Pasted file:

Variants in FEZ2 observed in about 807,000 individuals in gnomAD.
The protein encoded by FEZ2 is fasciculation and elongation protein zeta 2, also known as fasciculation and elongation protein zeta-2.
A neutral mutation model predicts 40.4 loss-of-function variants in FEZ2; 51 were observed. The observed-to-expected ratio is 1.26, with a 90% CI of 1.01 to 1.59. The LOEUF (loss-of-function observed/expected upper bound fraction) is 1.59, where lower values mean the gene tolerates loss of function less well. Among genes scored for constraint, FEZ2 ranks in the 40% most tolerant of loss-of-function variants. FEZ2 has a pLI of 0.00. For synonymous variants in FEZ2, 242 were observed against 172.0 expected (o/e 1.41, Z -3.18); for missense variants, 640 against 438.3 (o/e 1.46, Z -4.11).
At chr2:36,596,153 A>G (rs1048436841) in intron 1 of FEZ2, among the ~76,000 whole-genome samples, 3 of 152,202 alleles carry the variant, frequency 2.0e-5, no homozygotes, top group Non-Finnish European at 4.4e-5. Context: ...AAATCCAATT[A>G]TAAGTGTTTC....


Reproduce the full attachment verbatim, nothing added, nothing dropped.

Variants in FEZ2 observed in about 807,000 individuals in gnomAD.
The protein encoded by FEZ2 is fasciculation and elongation protein zeta 2, also known as fasciculation and elongation protein zeta-2.
A neutral mutation model predicts 40.4 loss-of-function variants in FEZ2; 51 were observed. The observed-to-expected ratio is 1.26, with a 90% CI of 1.01 to 1.59. The LOEUF (loss-of-function observed/expected upper bound fraction) is 1.59, where lower values mean the gene tolerates loss of function less well. Among genes scored for constraint, FEZ2 ranks in the 40% most tolerant of loss-of-function variants. FEZ2 has a pLI of 0.00. For synonymous variants in FEZ2, 242 were observed against 172.0 expected (o/e 1.41, Z -3.18); for missense variants, 640 against 438.3 (o/e 1.46, Z -4.11).
At chr2:36,596,153 A>G (rs1048436841) in intron 1 of FEZ2, among the ~76,000 whole-genome samples, 3 of 152,202 alleles carry the variant, frequency 2.0e-5, no homozygotes, top group Non-Finnish European at 4.4e-5. Context: ...AAATCCAATT[A>G]TAAGTGTTTC....